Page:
Cardiovascular and neuropsychiatric risks of varenicline: a retrospective cohort study

Daniel Kotz, Wolfgang Viechtbauer, Colin Simpson, Onno C P van Schayck, Robert West, Aziz Sheikh

The Lancet Respiratory Medicine, published online: 6 September 2015



Varenicline is an effective pharmacotherapy to aid smoking cessation. However, its use is limited by continuing concerns about possible associated risks of serious adverse cardiovascular and neuropsychiatric events. The aim of this study was to investigate whether use of varenicline is associated with such events.


In this retrospective cohort study, we used data from patients included in the validated QResearch database, which holds data from 753 National Health Service general practices across England. We identified patients aged 18–100 years (registered for longer than 12 months before data extraction) who received a prescription of nicotine replacement treatment (NRT; reference group), bupropion, or varenicline. We excluded patients if they had used one of the drugs during the 12 months before the start date of the study, had received a prescription of a combination of these drugs during the follow-up period, or were temporary residents. We followed patients up for 6 months to compare incident cardiovascular (ischaemic heart disease, cerebral infarction, heart failure, peripheral vascular disease, and cardiac arrhythmia) and neuropsychiatric (depression and self-harm) events using Cox proportional hazards models, adjusted for potential confounders (primary outcomes).


We identified 164 766 patients who received a prescription (106 759 for nicotine replacement treatment; 6557 for bupropion; 51 450 for varenicline) between Jan 1, 2007, and June 30, 2012. Neither bupropion nor varenicline showed an increased risk of any cardiovascular or neuropsychiatric event compared with NRT (all hazard ratios [HRs] less than 1. Varenicline was associated with a significantly reduced risk of ischaemic heart disease (HR 0·80 [95%CI 0·72–0·87]), cerebral infarction (0·62 [0·52–0·73]), heart failure (0·61 [0·45–0·83]), arrhythmia (0·73 [0·60–0·88]), depression (0·66 [0·63–0·69]), and self-harm (0·56 [0·46–0·68]).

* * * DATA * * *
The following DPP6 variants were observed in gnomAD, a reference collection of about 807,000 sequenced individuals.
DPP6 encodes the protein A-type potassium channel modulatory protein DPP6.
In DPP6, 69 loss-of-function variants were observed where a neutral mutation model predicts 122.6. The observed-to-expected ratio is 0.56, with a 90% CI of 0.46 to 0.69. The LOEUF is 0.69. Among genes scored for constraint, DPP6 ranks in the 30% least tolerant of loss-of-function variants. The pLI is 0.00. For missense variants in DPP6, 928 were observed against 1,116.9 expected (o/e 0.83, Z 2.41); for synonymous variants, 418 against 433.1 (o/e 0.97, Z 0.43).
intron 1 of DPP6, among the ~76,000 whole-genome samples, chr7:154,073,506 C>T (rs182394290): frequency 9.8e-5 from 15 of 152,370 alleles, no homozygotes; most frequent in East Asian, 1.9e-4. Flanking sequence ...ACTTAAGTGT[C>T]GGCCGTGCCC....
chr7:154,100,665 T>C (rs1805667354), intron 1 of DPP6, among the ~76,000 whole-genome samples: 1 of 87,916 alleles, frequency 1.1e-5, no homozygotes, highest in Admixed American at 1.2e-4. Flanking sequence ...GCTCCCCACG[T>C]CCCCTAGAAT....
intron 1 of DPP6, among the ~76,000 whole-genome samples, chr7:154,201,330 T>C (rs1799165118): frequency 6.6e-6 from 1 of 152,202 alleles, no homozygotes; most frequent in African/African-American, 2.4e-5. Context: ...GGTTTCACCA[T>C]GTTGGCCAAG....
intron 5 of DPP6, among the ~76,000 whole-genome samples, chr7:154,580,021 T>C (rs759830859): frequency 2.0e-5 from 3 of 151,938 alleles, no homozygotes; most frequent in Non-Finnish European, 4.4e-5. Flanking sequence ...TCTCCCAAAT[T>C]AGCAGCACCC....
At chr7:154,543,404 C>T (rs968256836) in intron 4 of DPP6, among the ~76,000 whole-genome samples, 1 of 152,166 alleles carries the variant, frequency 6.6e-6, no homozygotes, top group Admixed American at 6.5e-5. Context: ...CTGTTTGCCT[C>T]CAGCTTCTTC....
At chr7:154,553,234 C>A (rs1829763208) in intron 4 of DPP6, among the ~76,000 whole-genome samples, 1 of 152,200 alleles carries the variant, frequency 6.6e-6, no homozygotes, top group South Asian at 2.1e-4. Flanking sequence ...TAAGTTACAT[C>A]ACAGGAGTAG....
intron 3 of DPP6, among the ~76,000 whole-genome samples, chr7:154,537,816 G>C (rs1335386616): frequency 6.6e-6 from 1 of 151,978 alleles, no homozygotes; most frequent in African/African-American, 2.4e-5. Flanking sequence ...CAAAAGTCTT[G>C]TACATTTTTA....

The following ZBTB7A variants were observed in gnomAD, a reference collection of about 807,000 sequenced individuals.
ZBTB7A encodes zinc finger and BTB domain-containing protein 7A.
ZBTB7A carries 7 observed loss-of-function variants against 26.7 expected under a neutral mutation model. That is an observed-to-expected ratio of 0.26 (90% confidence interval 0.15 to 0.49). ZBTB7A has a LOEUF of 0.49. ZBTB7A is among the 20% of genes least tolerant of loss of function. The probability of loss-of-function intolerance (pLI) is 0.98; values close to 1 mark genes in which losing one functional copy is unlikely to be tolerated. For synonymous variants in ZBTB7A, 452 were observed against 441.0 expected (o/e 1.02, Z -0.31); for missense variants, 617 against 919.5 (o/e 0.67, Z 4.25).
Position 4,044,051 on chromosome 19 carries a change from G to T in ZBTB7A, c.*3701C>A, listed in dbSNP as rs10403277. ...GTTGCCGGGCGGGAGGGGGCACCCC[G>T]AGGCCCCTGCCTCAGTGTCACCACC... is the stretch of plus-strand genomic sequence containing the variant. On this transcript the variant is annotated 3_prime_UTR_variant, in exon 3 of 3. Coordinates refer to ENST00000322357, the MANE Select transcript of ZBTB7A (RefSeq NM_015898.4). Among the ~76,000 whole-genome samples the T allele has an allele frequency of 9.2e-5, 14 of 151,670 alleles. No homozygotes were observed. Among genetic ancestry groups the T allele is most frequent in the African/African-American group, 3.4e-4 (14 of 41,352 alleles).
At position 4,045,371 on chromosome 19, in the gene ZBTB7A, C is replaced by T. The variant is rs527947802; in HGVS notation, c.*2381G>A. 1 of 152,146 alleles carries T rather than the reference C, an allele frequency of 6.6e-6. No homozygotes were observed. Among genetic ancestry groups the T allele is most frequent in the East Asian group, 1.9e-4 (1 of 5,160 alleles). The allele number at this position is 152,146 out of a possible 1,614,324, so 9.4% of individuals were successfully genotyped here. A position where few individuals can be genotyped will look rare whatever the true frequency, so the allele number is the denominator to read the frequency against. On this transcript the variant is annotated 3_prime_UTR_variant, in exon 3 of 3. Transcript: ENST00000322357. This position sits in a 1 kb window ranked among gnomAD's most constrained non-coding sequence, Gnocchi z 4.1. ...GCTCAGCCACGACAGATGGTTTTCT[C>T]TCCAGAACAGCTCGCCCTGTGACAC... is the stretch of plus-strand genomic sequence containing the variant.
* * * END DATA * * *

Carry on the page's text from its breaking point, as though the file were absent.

Varenicline does not seem to be associated with an increased risk of documented cardiovascular events, depression, or self-harm when compared with NRT. Adverse events that do not come to attention of general practitioners cannot be excluded. These findings suggest an opportunity for physicians to prescribe varenicline more broadly, even for patients with comorbidities, thereby helping more smokers to quit successfully than do at present.


Egton Medical Information Systems, University of Nottingham, Ministry of Innovation, Science and Research of the German Federal State of North Rhine-Westphalia, Cancer Research UK, Medical Research Council, Commonwealth Fund.

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